"Releasing your potential is a very dangerous idea. You should stay away from your potential. You'll mess it up." - Dylan Moran
Self-improvement is a dirty word.
On one hand, it’s a bit wanky and we think of it as quick fixes that don’t really work. On the other, it threatens our sense of self with change or compromise.
I used to think greater self-confidence awaited on the other side. You know, once I was somehow a better me.
The more successful people I’ve met, the more I’ve come to see it the other way around. Here’s what I’ve observed with some successful friends you may know, and their responses below:
I met Joel Gascoigne, the founder of Buffer, years ago when he was working on his previous startup. While we could speculate how he got Buffer as a startup to take off, he points to his habits as the foundation of his success. Seems he’s constantly reading about habit-forming and experimenting with it in his own life. A year ago, he was creating new habits as a tool in his quest for better life-balance. Now, he’s building on cemented habits, allowing him to evolve with his role as Buffer grows.
Notice how in this framing, it’s not about specific or one-time gains? Exercise isn’t to look better. Learning skills isn’t to do something better. The emphasis is interesting - it’s the small habits that get his attention. These lead to better life-balance, which enables him to do the right things. This leads to his personal growth and happiness.
Rob’s known for taking serial founding to the next level. He’s been actually doing Customer Development for longer than anyone I know, and does it in such a natural way that someone once called him The Dude Of Lean Startup. And the funny thing is that Rob generally seems to get good at stuff by hanging out in coffee shops, one of the reasons I love working with him.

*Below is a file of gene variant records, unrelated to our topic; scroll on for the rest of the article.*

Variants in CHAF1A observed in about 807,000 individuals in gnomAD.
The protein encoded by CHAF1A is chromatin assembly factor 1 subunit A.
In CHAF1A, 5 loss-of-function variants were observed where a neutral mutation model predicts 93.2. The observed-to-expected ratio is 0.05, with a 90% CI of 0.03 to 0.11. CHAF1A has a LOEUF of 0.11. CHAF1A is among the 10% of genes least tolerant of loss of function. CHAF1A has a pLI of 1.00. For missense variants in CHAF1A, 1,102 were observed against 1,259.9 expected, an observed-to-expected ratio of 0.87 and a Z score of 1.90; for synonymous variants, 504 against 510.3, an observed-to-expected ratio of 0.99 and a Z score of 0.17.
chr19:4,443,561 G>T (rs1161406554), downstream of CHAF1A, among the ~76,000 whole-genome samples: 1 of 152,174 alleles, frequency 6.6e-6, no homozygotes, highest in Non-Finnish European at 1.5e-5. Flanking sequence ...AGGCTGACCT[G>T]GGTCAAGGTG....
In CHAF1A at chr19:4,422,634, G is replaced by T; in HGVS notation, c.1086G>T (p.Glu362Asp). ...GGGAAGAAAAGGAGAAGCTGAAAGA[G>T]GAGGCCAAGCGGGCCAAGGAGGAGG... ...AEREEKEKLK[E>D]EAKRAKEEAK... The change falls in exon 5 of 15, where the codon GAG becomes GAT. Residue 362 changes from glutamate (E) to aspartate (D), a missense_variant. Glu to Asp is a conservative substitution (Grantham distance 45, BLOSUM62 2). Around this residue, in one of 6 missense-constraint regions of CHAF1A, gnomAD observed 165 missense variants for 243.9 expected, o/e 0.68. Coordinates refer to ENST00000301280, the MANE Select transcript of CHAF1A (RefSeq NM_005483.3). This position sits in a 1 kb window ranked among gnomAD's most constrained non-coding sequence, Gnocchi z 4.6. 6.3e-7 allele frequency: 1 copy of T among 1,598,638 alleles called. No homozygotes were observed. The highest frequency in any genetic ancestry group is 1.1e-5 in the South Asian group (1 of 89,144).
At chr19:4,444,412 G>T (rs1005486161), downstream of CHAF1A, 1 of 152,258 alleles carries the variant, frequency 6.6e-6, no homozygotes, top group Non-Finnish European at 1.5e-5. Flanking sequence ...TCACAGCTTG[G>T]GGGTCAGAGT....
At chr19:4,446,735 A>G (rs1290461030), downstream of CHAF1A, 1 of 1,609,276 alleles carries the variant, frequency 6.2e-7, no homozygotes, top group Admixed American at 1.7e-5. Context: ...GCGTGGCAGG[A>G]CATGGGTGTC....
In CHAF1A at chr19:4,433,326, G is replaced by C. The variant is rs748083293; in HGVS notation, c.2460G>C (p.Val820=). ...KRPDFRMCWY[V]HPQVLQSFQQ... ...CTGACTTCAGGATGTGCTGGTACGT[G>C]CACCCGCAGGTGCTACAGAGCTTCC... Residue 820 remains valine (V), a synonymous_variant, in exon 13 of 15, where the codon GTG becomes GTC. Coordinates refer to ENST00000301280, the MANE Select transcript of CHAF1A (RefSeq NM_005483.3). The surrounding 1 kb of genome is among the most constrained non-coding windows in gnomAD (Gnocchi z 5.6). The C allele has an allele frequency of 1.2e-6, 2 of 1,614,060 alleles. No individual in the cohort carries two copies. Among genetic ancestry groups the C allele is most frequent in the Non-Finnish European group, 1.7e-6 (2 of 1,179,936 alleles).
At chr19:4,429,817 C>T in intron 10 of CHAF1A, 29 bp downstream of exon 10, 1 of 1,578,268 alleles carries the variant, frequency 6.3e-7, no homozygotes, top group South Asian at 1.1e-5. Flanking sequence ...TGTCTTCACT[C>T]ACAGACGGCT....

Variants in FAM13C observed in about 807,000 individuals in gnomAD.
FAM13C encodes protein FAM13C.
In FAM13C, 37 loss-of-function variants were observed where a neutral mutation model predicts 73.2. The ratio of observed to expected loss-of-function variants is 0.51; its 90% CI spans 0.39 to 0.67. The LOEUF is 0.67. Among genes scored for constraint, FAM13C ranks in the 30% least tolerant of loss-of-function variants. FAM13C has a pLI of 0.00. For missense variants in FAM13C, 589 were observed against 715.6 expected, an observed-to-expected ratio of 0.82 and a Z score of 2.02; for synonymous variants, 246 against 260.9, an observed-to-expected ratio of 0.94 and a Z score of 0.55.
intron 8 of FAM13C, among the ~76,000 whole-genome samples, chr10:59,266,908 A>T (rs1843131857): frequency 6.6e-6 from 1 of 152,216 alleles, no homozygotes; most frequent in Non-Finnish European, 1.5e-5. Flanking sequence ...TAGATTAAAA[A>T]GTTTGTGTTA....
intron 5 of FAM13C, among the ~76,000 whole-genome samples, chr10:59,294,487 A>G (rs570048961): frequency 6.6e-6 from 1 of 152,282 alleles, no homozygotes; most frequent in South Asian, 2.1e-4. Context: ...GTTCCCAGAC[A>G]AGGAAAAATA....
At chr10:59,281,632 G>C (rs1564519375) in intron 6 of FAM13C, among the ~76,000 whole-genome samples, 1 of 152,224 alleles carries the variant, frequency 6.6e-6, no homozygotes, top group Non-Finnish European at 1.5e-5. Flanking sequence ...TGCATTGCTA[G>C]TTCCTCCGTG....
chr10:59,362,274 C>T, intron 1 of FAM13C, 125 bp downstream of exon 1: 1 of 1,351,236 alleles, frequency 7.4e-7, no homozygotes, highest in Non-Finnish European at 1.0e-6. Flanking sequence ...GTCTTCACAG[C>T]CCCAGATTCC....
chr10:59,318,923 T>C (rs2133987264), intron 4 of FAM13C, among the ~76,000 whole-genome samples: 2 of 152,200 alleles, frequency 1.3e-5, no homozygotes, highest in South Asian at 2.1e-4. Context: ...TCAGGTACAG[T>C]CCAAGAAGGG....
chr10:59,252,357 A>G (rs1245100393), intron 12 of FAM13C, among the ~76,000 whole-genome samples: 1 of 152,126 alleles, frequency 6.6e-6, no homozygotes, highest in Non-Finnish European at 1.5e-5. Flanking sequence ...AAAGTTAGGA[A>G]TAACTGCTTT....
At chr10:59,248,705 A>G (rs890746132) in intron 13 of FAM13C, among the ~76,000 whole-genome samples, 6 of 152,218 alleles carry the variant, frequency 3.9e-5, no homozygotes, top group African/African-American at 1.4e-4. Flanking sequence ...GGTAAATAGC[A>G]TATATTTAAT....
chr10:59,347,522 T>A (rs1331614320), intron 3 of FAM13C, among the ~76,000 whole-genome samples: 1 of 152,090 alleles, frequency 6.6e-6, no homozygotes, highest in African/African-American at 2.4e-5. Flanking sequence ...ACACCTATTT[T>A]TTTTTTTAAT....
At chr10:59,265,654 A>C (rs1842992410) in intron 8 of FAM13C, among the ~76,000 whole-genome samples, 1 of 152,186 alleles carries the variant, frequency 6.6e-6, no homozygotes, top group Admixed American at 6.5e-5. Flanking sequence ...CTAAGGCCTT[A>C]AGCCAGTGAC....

Take blogging for example. His blog The Startup Toolkit has been quite successful. ”Figuring out blogging” was a coffee-shop project for Rob, like many other skills he picked up. He gave himself 2 weeks to write as many posts as he could, most of which were experiments of some sort. His subscriber rate jumped several orders of magnitude in those two weeks. Now, he’s one of a small handful of bloggers whose posts have broken 1000 points on Hacker News.
Rob wants to figure things out. He makes time for picking up skills but does it organically and experientially, integrating his learning with his existing way of doing things.
Patrick Van Der Pijl
Patrick’s the producer of Business Model Generation and the founder of Business Models Inc., a very successful business model innovation consultancy. Before that, Patrick had a great career with a major consultancy. A lot of people who leave high-paying jobs to go for it on their own terms, define themselves in opposition to their old job: “not consulting anymore” or “working for myself.” I never heard anything like this from Patrick. He was looking for a better business model for consulting.
He found this better model and Business Models Inc. took off, freeing Patrick, both financially and to do work he loves. (The guy is always smiling!) I don’t think this would have been possible if he had constrained himself along the lines of a “leaving consulting” identity.